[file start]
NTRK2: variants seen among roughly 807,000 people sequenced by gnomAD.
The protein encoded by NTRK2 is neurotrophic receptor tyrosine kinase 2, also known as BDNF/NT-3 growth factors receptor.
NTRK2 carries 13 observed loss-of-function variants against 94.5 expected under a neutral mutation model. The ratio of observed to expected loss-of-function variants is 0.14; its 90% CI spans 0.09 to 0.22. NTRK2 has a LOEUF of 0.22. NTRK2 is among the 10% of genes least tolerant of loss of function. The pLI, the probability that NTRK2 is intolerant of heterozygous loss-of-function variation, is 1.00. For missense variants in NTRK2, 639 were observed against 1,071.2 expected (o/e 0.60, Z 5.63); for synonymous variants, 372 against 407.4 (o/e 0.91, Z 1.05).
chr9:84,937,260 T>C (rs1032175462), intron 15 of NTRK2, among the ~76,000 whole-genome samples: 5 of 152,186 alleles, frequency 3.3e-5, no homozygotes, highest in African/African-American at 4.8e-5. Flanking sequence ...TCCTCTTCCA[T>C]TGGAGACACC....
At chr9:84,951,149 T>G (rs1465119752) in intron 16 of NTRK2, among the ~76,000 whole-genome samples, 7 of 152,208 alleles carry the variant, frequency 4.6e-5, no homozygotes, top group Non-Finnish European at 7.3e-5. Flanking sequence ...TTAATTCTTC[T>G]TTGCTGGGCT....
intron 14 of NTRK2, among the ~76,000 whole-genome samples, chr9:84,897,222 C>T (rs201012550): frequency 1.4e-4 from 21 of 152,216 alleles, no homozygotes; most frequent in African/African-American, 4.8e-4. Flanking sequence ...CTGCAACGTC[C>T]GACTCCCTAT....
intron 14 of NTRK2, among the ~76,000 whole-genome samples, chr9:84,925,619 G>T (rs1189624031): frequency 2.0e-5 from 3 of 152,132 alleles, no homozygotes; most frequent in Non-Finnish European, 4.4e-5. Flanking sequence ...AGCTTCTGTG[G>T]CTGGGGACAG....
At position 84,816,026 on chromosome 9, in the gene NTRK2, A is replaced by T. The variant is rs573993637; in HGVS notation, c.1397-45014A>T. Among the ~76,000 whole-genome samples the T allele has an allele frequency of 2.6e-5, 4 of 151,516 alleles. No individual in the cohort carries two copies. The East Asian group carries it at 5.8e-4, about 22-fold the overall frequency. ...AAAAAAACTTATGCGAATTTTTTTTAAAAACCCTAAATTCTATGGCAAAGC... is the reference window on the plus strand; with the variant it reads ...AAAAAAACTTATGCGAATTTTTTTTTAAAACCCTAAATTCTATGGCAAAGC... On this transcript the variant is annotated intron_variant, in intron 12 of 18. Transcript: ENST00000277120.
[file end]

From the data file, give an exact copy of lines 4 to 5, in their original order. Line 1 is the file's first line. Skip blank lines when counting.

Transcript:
chr9:84,937,260 T>C (rs1032175462), intron 15 of NTRK2, among the ~76,000 whole-genome samples: 5 of 152,186 alleles, frequency 3.3e-5, no homozygotes, highest in African/African-American at 4.8e-5. Flanking sequence ...TCCTCTTCCA[T>C]TGGAGACACC....
At chr9:84,951,149 T>G (rs1465119752) in intron 16 of NTRK2, among the ~76,000 whole-genome samples, 7 of 152,208 alleles carry the variant, frequency 4.6e-5, no homozygotes, top group Non-Finnish European at 7.3e-5. Flanking sequence ...TTAATTCTTC[T>G]TTGCTGGGCT....